By Josh Zagorsky on February 2, 2016
Survey research professionals often ask us how to build text message surveys using questions that they’ve previously asked in web surveys or phone surveys (either CATI or IVR). Because text message surveys have some advantages but also some limitations, here are a few tips on how to adapt your survey questions to SMS:
Popular in desktop web surveys, matrix questions ask several questions in a row that all have the same answer choices. But matrix questions are often difficult for respondents to answer on mobile web browsers, because they can involve lots of scrolling back and forth and up and down to see all of the options and what they’re labeled. SurveyMonkey recommends that if you expect most of your respondents to use mobile browsers, you limit your use of matrix questions and instead ask the same questions individually.
Text message surveys take this even further: we recommend not using matrix questions at all, and instead replacing them with individual questions. So don’t use a matrix question that looks like this:
|How often do you||Daily||Weekly||Monthly||Yearly||Never|
|Watch a movie at home?||_||_||_||_||_|
|Watch a movie at a cinema?||_||_||_||_||_|
|Watch a play or opera at a theater?||_||_||_||_||_|
Instead, ask it as a series of separate questions that look like this:
How often do you watch a movie at home: Daily, Weekly, Monthly, Yearly, or Never?
How often do you watch a movie at a cinema: Daily, Weekly, Monthly, Yearly, or Never?
How often do you watch a play or opera at a theater: Daily, Weekly, Monthly, Yearly, or Never?
This is a better user experience for the respondent, because when answering each question, they don’t have to remember what the answer choices are. It also may cause the respondent to stop and think about each question, instead of blazing through all questions in the matrix by giving the same answer to each one.
When asking multiple choice questions in text message surveys, it’s helpful to solicit only single word responses. For example:
Are you Female or Male?
Are you registered as a Democrat, Republican, Independent, or Other?
You said you have a smartphone; is it an iPhone, Android, Windows, Blackberry, or Other?
If you ask text message multiple choice questions that solicit multi-word answers, you can set Instant Census to look for keywords in answers, so that Instant Census can properly code shortened responses. For example, if you asked the question:
Compared with one year ago, is your opinion of your Congressperson more favorable, less favorable, or about the same?
you could set Instant Census’ answer parser to look for the keywords “more”, “less”, or “same”, so that whether a respondent answers “about the same,” “the same,” or “same,” that respondent gets coded as “same.” This saves your respondents the hassle of having to enter exact response phrases, and it makes a text message survey seem more like a natural, human conversation.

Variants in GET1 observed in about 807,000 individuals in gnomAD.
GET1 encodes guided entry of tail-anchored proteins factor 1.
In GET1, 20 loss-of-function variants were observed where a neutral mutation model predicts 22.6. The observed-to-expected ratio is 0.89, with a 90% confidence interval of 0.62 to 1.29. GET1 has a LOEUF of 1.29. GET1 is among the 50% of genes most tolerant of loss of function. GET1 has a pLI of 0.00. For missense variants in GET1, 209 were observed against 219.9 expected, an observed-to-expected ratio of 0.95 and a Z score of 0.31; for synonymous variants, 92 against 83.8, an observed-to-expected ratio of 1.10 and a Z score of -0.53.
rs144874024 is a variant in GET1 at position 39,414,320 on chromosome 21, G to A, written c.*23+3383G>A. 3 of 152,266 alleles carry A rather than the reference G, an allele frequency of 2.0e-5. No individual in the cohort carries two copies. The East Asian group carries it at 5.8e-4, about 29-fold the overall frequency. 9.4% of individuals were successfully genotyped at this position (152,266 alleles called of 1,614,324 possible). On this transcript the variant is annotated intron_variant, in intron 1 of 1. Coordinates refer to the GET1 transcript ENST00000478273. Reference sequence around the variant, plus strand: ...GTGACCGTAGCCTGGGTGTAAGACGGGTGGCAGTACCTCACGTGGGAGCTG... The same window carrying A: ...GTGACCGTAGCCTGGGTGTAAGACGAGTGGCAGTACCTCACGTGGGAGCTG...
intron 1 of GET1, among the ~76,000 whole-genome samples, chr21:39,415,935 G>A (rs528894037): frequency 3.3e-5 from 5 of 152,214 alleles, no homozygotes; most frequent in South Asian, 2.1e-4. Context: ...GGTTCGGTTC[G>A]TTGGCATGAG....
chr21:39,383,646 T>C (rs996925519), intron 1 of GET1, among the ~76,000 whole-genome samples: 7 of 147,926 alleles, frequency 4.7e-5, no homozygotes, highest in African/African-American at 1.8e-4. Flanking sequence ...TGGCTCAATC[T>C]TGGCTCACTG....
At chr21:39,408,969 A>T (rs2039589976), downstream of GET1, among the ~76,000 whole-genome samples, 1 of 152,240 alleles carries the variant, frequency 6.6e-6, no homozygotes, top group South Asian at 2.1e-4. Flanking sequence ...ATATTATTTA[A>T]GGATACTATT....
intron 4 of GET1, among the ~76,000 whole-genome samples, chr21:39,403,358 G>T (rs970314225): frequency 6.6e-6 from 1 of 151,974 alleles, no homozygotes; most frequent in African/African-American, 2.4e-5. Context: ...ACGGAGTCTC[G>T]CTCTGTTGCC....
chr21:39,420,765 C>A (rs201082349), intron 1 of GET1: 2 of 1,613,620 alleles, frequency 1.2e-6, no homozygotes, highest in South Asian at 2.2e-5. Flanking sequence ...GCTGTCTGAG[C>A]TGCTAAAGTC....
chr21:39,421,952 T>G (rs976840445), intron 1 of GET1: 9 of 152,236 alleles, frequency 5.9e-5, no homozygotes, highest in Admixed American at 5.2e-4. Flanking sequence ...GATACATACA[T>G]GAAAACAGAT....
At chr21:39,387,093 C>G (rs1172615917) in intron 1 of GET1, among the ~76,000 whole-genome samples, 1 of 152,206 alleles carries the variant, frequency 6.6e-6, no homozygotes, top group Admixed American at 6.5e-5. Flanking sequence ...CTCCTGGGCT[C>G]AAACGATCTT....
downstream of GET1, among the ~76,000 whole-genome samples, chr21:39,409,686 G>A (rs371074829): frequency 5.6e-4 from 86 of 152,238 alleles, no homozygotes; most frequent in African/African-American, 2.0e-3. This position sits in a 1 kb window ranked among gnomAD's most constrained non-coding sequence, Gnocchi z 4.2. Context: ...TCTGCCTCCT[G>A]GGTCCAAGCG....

If you need to ask questions that solicit multi-word answers that are more complicated, or must have overlapping keywords, you can consider numbering the responses like this:
What’s the highest level of education you’ve completed?
1- Some high school
2- High school/GED
3- Some college
4- College degree
5- Graduate degree
Likert scale questions are a subset of multiple choice questions that try to classify respondent opinions on a symmetric scale. Because Likert scale answers are often multi-word with many overlapping keywords, it’s best to number the options for Likert scale questions:
What’s your opinion of the 1803 Louisiana Purchase?
1- Strongly approve
3- Neither approve nor disapprove
5- Strongly disapprove
Whenever possible, try to keep SMS survey questions under 160 characters, the specified maximum length of an individual text message. Most text messaging apps have built-in tools to automatically handle longer messages by breaking them up into chunks on the sending end and splicing them back together on the receiving end. Instant Census has infrastructure to work with this. Contact us if you want more technical details on how this aspect of SMS messaging works.
But because cellphone carriers don’t guarantee the order in which messages are delivered, these methods work most of the time but not always. That means that if you send messages longer than 160 characters, they may occasionally arrive out of order.
Some phone and web surveys ask long, wordy questions with many clarifications to try to be as precise as possible. Precision is important, but some surveys prioritize precision at the expense of brevity and clarity for the respondent. Make sure your questions are short and clear enough that your respondents fully read and understand them!
The 160 character limit is restrictive, but it also encourages you to use one of the most helpful characteristics of text message surveys: short questions that are easy for respondents to understand and to answer.
One of the advantages of text message surveys is that if a respondent stops answering questions partway through, Instant Census can just resend the last question some hours or days later. Phone surveys and internet surveys don’t have that advantage; if a respondent puts down the phone or closes the browser window before completing all the questions, there’s often no easy mechanism for prompting the respondent to resume later at the same point in the questionnaire. This is another reason to make each question self-contained, rather than using matrix questions: it enables questions to be re-sent to non-responders, and it doesn’t require sending them context.
Want more advice on adapting your phone or web survey questions to text message surveys? Drop us a line!